Besse Cooper has become only the 8th person in the world and the 4th American verified to have turned that age, according to Guinness World Records.
Cooper, whose maiden name was Brown, was born on Aug. 26, 1896, in northern Tennessee the same year as comedian George Burns and writer F. Scott Fitzgerald.
In 1917 during World War I, she moved to Georgia to work as a schoolteacher. She later married Luther Cooper, and they raised four children together. He died in 1963 at age 68, according to The Walton Tribune.
The newspaper reported last year that the supercentenarian is also a grandmother of 12, great-grandmother of 15 and great-great-grandmother of one.
Walton County officials held a ribbon cutting Friday to name a bridge in honor of Cooper, who resides in a nursing home and was unable to attend the ceremony.
“The older she has gotten the more wittier she has gotten,” Cooper’s third child, Sidney, reportedly said, adding that she had a message for the bridge-naming ceremony: “I’m glad I gave them a reason to name it.”
Although Guinness World Records first called her the world’s oldest living person in January 2011, she lost the title when it was discovered Maria Gomes Valentin, of Brazil, was born 48 days earlier.
Valentin died on June 21, 2011, just shy of her 115th birthday, and Cooper was again crowned the world’s super senior.
Cooper could still surpass another Tennessean, Elizabeth Bolden, who was 116 years and 118 days when she died in 2006.
The person with the longest human lifespan ever recorded was Jeanne Calment, of France, who was born in 1875 and died in 1997 at the age of 122.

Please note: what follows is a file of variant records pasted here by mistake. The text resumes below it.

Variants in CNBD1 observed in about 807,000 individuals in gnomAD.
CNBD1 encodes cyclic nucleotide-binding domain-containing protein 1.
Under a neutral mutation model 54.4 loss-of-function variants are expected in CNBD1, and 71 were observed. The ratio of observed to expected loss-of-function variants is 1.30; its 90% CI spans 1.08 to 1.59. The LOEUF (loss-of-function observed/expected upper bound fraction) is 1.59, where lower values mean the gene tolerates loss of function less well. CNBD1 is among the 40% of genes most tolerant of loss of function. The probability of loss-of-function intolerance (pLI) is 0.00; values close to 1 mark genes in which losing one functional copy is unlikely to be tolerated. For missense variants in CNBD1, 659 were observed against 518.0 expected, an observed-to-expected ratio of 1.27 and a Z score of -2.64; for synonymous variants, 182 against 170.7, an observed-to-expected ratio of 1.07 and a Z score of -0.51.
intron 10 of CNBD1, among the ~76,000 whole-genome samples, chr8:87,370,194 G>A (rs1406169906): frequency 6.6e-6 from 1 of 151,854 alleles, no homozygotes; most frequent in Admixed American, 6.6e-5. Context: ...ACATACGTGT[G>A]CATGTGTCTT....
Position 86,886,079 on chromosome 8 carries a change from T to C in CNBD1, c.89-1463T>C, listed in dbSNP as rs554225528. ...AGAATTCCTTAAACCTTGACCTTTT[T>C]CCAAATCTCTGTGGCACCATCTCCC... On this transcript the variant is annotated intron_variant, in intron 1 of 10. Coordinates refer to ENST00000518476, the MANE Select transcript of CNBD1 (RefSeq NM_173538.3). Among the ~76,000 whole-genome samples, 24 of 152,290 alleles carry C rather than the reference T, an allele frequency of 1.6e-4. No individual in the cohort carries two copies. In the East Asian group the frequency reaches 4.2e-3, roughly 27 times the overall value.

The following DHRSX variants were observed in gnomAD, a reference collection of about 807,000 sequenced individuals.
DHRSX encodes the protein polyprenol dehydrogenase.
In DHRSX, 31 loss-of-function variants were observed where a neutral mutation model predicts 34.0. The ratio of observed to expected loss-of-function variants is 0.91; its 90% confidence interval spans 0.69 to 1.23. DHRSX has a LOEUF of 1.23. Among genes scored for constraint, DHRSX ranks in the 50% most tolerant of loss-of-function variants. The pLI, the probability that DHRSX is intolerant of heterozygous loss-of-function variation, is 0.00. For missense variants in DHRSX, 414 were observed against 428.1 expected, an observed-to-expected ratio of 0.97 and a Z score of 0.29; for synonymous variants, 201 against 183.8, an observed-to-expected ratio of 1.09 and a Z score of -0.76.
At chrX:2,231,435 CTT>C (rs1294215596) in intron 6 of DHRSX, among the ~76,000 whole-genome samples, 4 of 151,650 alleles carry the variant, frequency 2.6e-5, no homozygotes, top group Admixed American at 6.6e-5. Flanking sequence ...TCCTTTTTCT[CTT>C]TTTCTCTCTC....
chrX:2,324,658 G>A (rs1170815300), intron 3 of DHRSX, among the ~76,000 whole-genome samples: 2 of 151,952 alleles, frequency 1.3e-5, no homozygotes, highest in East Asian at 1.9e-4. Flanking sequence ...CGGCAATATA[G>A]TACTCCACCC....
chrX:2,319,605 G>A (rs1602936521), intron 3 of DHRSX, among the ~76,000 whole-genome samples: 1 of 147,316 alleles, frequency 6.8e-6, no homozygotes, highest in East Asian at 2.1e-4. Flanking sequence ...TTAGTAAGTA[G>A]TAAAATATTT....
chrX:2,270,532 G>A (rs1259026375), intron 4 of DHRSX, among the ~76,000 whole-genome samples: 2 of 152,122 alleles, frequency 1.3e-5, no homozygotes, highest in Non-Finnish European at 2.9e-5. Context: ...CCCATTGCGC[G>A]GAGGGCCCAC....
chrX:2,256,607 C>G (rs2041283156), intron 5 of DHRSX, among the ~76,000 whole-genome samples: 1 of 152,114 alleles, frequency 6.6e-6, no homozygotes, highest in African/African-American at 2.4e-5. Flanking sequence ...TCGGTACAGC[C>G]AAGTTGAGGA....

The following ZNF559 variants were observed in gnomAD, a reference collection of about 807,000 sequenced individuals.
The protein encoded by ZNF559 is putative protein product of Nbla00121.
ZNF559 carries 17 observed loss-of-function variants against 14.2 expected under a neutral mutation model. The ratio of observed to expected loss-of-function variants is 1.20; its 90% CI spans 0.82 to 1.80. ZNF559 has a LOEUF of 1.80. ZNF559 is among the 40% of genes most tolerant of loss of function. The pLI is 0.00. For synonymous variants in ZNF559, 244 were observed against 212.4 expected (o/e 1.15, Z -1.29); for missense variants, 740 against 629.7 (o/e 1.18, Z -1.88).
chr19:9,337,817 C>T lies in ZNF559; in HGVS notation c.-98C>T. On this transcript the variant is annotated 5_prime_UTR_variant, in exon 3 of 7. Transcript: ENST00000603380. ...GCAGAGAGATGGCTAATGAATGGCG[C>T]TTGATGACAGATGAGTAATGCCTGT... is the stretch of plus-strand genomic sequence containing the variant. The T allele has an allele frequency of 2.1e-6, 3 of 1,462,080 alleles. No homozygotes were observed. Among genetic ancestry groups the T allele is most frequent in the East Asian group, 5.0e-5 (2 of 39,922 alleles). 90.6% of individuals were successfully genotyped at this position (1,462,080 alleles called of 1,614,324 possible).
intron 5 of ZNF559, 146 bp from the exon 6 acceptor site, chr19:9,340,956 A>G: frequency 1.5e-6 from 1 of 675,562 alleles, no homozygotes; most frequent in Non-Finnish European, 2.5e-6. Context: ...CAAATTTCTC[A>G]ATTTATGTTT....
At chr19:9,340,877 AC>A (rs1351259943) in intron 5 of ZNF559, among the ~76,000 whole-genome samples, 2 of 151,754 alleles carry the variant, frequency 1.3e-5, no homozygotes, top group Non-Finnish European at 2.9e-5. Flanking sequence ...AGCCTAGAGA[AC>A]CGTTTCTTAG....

Once they stripped away the infected flesh, the next step was to cut off the remaining foot bone. But Osiris (USA’s leading Repair Stem Cell company) donated its products to see if it could fix the largest problem ever proposed for stem cells anywhere!
Dalton, Georgia May 2012: By the time Dr. Spencer Misner had carved away the dead and diseased flesh from Bobby Rice’s right foot last year, little remained other than bones and tendons.
“I couldn’t believe it. It didn’t look real. It looked like something out of a movie,” recalled Rice.
Today, the ankle has almost completely healed. It looks like Rice had simply scraped it. And Rice’s foot has largely healed, too. Misner credits cutting-edge stem cell treatments for saving Rice’s foot and leg.
Rice, who has diabetes, stepped on a piece of glass last fall and his foot quickly became infected. After trying a home remedy, Rice eventually went to Hamilton Medical Center in Dalton, GA, where doctors found he had a rapidly spreading necrotizing fasciitis, or in layman’s terms, flesh-eating bacteria.
Physicians treated the infection with antibiotics. However, Rice had one toe amputated. Doctors had to strip away much of the flesh from Rice’s foot and a great deal of flesh along his ankle.
“We did what we had to do,” Misner said. “We got the infection out. We saved his life. But what do you do next? We’d normally say all you can do now is cut of his leg so he can get on with his life.”
But Misner had another idea. He contacted Ed Fickey, a sales representative for Osiris Therapeutics and asked about using the company’s new stem cell technologies to rebuild the foot and ankle.
Stem cells can grow and differentiate into many different types of cells. Stem cell treatments introduce these cells into damaged or diseased organs to repair them.